Jones left his job managing the computerized operations of a Libbey-Owens-Ford glass factory in Toledo, Ohio, to work in the basement of Phillips Hall in 1977, as a systems programmer and technical manager for OIT (Office of Information Technology). Within a decade, he was transforming campus life, first with email and then with the unrelenting forward march of the Internet in our everyday lives.

From the beginning, Jones had set his sights on the future and was at one point threatened with demotion within his group for “trying to do this new Ethernet network communications thing instead of the mainframe,” recalls Judd Knott, who was hired as the head of OIT’s Academic Computing Services’ research and development group in 1988.

“Paul was being very innovative and pushing new technology, which got him into a lot of trouble,” Knott says. “But I admired it. I respected him for it. Rather than punishing him for it, I felt he should be rewarded. So I pulled him over to our group, and we went from there.”

Newly allied, Jones waded deep into the primordial ooze of the digital information era. By the early 1990s, UNC already had become a pioneer user of the early Internet and of wide-area information systems linking searchable databases, when Jones won a grant from software giant Sun Microsystems to host a site where the company could distribute free software for education and research.

But Jones saw in Sun’s request an opportunity to create something much more original and far-sweeping: a digital library in which contributors from all over the world could distribute information for free. Software, yes; but also books, articles, poems, research, an Elvis fan site, anything publicly available. In October 1992, Sun-SITE — now called ibiblio and still directed by Jones — was born.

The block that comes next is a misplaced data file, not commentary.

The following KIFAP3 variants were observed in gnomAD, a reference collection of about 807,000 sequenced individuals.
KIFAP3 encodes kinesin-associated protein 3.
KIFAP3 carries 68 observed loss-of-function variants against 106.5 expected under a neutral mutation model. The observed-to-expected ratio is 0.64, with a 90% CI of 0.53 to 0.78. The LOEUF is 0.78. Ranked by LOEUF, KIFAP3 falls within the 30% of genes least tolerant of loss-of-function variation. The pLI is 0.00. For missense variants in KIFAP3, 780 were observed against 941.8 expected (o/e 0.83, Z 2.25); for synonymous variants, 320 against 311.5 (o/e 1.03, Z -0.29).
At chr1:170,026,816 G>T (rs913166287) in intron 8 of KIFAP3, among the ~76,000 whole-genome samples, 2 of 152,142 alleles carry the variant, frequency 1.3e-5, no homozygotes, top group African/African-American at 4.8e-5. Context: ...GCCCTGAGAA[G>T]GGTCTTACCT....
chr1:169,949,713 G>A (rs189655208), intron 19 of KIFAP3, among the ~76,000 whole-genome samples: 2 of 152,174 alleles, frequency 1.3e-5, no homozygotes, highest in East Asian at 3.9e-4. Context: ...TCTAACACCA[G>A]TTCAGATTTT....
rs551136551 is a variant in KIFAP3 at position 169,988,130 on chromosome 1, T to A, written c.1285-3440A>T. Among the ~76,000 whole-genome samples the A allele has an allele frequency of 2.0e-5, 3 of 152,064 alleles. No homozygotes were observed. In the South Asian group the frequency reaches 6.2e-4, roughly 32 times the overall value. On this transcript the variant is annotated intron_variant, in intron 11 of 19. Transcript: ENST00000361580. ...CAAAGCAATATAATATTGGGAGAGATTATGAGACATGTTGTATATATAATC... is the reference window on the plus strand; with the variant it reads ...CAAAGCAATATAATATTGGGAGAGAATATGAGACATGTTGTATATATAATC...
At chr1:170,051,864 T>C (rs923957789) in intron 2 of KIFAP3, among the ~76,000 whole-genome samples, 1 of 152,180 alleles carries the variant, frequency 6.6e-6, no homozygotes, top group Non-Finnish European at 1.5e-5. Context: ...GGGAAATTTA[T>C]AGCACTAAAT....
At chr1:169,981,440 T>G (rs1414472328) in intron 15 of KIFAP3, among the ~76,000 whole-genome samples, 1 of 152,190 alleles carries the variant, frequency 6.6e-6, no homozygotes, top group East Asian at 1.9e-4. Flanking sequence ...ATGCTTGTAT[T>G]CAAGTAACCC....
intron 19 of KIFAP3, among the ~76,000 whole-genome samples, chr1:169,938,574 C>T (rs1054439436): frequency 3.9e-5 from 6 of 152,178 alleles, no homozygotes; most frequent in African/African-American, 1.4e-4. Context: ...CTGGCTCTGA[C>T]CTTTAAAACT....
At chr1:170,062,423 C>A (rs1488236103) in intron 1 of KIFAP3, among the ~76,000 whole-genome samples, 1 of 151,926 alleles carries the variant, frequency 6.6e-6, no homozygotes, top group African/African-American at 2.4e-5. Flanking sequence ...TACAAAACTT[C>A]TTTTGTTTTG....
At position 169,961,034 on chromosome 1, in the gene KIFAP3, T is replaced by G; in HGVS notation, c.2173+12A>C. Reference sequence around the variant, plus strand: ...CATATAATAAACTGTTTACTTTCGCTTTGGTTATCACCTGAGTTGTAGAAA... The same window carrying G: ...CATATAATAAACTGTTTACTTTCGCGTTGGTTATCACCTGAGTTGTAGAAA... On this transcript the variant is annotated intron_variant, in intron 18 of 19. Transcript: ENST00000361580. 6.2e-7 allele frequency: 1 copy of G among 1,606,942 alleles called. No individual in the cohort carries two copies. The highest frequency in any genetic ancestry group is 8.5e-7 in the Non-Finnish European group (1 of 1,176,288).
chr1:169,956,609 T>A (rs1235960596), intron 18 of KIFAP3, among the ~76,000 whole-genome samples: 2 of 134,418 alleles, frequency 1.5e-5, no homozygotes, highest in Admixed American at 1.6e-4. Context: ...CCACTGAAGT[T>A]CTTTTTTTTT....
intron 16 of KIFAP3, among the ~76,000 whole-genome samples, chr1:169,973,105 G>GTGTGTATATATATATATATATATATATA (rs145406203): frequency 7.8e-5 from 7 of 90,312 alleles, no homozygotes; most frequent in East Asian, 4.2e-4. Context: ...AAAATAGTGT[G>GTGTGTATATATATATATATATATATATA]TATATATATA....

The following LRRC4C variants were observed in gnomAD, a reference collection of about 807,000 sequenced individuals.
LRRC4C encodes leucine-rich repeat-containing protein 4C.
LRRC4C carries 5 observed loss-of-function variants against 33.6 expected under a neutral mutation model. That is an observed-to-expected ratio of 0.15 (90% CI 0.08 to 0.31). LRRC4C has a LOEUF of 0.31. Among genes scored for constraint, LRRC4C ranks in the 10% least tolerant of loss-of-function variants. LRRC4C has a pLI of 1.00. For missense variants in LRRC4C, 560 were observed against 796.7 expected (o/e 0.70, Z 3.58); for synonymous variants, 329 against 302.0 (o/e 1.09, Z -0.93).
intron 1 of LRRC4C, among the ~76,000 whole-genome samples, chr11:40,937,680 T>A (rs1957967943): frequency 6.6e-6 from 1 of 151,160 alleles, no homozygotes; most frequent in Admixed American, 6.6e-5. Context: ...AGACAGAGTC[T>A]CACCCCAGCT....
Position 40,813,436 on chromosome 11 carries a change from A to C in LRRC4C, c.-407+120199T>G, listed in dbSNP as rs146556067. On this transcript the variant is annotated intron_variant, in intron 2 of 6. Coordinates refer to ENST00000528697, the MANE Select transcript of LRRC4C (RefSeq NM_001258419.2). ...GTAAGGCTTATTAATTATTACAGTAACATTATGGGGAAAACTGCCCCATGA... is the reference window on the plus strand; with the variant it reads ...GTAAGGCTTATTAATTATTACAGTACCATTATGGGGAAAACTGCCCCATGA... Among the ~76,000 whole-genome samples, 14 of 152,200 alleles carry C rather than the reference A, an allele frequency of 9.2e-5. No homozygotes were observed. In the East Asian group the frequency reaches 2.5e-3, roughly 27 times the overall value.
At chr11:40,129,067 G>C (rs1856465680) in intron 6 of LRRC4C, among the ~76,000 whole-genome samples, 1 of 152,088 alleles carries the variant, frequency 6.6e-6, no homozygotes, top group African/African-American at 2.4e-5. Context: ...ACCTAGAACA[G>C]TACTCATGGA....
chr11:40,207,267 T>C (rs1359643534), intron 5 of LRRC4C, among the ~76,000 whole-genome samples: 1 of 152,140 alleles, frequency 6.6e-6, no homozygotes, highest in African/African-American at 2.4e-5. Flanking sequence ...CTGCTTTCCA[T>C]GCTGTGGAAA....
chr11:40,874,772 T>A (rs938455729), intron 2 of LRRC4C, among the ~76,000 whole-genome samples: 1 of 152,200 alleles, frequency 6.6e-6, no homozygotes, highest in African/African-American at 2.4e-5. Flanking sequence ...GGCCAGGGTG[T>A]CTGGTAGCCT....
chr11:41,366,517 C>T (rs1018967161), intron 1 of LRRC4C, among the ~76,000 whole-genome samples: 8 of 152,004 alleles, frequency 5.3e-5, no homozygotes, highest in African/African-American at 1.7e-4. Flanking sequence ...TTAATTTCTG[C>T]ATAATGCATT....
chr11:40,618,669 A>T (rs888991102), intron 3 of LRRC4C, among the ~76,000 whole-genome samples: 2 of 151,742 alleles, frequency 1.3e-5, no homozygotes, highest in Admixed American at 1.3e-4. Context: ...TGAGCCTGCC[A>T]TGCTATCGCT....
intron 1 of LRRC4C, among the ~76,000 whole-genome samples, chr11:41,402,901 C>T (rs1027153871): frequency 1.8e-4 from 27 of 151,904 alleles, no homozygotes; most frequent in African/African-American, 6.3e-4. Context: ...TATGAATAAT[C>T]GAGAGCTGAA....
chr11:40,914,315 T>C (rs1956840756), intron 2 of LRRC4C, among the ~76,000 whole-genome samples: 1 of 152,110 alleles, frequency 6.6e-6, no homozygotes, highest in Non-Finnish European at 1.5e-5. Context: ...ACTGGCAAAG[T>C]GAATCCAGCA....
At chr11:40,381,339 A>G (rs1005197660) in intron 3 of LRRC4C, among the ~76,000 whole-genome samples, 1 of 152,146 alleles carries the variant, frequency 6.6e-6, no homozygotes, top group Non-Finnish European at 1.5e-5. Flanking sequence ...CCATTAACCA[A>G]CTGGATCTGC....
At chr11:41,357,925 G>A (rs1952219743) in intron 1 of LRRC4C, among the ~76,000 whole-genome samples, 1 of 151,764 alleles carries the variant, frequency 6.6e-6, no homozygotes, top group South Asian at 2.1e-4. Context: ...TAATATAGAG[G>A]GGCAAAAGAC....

The project spawned many firsts of the digital age, including the first streaming radio station, UNC’s WXYC, and the first digital presidential archive, with candidate and then President Bill Clinton. It was also the first digital archive to go live on the World Wide Web.

‘In the late ’70s, not only did I fall under the spell of email. I just thought it was the greatest thing on the planet.And it was. I made it my job to go around campus and tell people to use email.’

Indeed, as only the sixth website in history, SunSITE remains one of the longest-running sites on the Web. (The first site, Jones said, was a personal physics page at Stanford University’s Linear Accelerator Center that belonged to Howard “Bebo” White ’67.) It also was one of the early demo sites used by Web inventor Tim Berners-Lee while promoting his brainchild to the tech world.

IT service group members didn’t win grants from large corporations — it was unheard of, really — but such was the dawning age of the Internet, and such was Jones’ talent for walking headlong into the next big thing. That made him a commodity in the fields of journalism and library science, whose students would need more guidance than most disciplines in navigating a digital revolution that would dramatically disrupt the way they do business. Jones approached the deans of both schools, and in 1995 he was named a joint lecturer while he continued to direct the SunSITE laboratory.

Four years later, he was named clinical associate professor, a long way from the glass factory in which he began.

Bits and bytes, meter and rhyme